By the same lights, I don’t care what Mr. Trump looks like in a tuxedo. He could look classy and stylish and debonair, and he would still be someone who enacts fascist-style policies that tear children away from asylum-seekers without any intention of getting them back together again. He could be svelte and handsome and charming and still gut environmental protections while denying the climate crisis.

PThe fake tan? Can we just stop with the Cheeto references? Let’s not make fun of people’s skin color, okay? Even when it’s self-inflicted. Didn’t we learn that one a long time ago, from some wise man, that we should judge people on the basis of their character rather than the color of their skin? And there are more than a few aspects of Mr. Trump’s character that make me question his suitability to run a country: blatant misogyny, racism, religious bigotry, classism, narcissism. . . We really need to focus on those: they’re what make him a dangerous leader.

Basic Logic 101 teaches us about the ad hominem fallacy, attacking the person rather than the issue. We have plenty of strong arguments as to why this man is at best a poor leader and at worst a dangerous one, but we weaken our arguments with ad hominem attacks on his personal appearance. We lose our focus on the real dangers he poses to vulnerable people, and we trivialize the actual pain he and his policies cause, when we make fun of his appearance. Plus, it gives people an excuse not to take our very real concerns seriously. Also, would you make fun of your rotund cousin in his tuxedo? Would you make fun of your friend who has rosacea?

I am all for the work of the sacred clown in society, making fun of people who refuse to self-reflect. When a president has his press flunkies lie about the size of his inauguration crowd, then it seems fitting to point out the size of the crowd that turns out to protest his presence in the UK. When he uses Twitter as a platform to spew wild and conspiracy-laden ideas, as well as a forum for personal aggrandizement, then it seems right to point out the ridiculousness in his tweets. But the size of his belly and the color of his face have nothing to do with the size of his crowd or his Twitter status.

Meanwhile, children who have been torn from their parents (nursing babes, toddlers, all the way up to teens) are in camps and detention centers, receiving minimal care and no education, from what I am able to gather. They’re subject to sexual and physical abuse. Reporters are not allowed to film or photograph conditions, if they’re allowed in at all.

Meanwhile, transgender people are in danger of losing human rights protections for medical care. Meanwhile, women are losing reproductive rights. Meanwhile, the environment is being destroyed, and the warnings about impending ecological devastation are ignored or denied.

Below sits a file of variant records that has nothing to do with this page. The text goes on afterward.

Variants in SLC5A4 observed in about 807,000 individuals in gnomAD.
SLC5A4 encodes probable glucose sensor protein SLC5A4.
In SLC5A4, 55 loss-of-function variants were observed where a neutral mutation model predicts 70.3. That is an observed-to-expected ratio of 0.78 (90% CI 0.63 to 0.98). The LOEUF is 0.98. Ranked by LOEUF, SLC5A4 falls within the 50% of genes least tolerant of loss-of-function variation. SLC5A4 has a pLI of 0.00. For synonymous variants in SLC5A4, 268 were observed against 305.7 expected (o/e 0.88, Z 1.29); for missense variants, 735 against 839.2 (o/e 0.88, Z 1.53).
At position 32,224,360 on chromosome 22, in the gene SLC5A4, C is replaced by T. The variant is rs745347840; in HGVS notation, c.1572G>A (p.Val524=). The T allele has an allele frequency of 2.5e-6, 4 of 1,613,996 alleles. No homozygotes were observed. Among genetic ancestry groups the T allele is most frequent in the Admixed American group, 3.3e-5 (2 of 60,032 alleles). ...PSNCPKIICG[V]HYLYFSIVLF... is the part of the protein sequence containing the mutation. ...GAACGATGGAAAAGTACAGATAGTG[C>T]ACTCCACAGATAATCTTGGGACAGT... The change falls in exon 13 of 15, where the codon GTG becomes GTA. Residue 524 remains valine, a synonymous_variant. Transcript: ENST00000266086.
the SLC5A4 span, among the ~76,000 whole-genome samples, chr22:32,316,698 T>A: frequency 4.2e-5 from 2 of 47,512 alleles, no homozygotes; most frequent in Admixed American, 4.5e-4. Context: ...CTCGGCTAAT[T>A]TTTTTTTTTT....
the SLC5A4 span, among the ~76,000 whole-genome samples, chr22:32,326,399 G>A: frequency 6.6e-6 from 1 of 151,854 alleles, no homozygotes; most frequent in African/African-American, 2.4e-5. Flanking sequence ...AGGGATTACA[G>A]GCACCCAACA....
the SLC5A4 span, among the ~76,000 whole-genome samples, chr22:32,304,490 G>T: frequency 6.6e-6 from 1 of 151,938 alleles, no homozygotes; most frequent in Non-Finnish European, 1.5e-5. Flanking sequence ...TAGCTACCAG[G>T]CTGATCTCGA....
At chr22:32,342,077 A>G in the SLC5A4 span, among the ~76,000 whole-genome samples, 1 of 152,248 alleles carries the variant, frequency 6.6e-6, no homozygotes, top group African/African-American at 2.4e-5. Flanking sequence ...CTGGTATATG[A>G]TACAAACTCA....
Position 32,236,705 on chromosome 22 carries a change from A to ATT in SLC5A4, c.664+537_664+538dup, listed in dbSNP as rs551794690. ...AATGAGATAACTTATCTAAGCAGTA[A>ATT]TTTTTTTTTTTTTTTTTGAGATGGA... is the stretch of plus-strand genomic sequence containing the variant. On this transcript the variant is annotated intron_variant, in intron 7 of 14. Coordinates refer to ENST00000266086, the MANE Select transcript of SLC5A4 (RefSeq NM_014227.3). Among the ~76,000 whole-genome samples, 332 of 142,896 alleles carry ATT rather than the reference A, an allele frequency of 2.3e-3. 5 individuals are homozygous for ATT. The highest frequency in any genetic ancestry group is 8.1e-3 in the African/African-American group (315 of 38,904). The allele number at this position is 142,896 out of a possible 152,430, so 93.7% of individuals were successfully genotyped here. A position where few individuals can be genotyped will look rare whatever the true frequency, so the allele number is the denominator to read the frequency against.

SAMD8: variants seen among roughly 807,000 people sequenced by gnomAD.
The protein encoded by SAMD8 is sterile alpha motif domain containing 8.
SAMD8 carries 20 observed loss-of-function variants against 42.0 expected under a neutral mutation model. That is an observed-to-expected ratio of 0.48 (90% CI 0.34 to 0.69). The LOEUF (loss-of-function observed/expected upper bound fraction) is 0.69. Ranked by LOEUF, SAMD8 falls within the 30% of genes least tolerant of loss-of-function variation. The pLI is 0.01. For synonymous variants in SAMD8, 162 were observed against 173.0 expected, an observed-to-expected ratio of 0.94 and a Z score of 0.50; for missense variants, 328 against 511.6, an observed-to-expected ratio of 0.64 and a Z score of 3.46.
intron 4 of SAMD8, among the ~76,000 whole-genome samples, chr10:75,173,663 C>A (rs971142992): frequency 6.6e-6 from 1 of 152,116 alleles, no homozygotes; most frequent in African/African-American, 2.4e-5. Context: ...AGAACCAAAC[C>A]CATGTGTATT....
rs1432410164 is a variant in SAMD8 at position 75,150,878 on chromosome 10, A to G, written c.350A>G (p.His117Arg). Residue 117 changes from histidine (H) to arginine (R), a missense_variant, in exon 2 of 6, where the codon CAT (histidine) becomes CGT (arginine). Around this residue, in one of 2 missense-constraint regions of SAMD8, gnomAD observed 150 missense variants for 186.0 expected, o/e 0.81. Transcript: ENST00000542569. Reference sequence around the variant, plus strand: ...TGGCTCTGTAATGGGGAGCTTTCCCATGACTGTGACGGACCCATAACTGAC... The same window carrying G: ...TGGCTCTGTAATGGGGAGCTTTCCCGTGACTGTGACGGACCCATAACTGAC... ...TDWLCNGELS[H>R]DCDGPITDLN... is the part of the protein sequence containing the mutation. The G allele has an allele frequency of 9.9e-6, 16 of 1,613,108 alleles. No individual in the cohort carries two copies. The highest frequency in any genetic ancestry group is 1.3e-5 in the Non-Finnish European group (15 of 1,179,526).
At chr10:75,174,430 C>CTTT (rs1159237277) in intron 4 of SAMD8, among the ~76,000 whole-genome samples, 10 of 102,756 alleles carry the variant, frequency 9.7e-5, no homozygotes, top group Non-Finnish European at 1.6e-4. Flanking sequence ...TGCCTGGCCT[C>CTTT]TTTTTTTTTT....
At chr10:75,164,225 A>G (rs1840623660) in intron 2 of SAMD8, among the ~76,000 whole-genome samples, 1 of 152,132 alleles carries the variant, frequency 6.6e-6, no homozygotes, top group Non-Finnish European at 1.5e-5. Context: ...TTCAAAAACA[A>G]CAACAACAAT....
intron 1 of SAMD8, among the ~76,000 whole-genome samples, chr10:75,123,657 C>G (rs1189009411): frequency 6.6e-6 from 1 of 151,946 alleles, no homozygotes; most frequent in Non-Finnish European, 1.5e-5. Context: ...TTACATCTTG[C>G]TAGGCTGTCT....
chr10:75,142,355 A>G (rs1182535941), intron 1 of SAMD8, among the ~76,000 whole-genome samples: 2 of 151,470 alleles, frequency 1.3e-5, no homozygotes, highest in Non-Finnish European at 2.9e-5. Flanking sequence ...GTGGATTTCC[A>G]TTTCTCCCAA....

We need to actively work to remove this man AND his enablers from power, not sit around taking potshots at his appearance.

I hate to be a scold. I know it feels good in the moment to stoop to his level. I know that because I have done it. But it doesn’t feel good in retrospect, to get down in that mud. We don’t save this country by name-calling. We save it by truth-telling. By action on behalf of the vulnerable. By holding the greedy and power-hungry accountable for their speech and their actions. Let’s get to work.

No Two Sides to Racism

Here are some things I have been writing, to try to pull out some threads of sense from the past day and from the sheer willful ignorance of the president of the United States in a time of crisis:

When I think of what happened in Charlottesville over the weekend, I keep getting images of the old photos I have studied of the morning after Kristallnacht. I remember some of my first impressions after reading that bit of history, of the sense of violation, of a government goading the worst of its citizenry to acts of violence which cowed and frightened the rest. I remember walking through modern-day Landau with an elder friend who remembered the broken windows first-hand.

Am I being too alarmist and shrill to say that I think Charlottesville was our Kristallnacht? The step over the line that should wake us up and spur us into action lest we allow fear to numb us and paralyze us into letting the evil wash over our consciousness and put us to sleep.

Stay woke. Stay unsettled and angry, if it helps to keep the energy going. Stay aware of every little thing. Speak truth. Don’t allow yourself to be silenced by the fear and confusion and misguided rage of others.

Here’s the web. I cast my line to you, and you, and you. I feel your presence. I sense your intention and your determination. I will help to hold the lines with you. We have our work to do.

Thanks for listening.
―Beth Weaver-Kreider
***

Let’s get this straight. Let’s make it clear:
There are no two sides to racism.
There are no two sides to racism.
There are no two sides to racism.

Repeat after me, Mr. President:
There are no two sides to racism.

Condemn all the violence, if you must,
but those who fight Nazis
are not the same as Nazis,
no matter what your Stephens say.

There are angry protesters,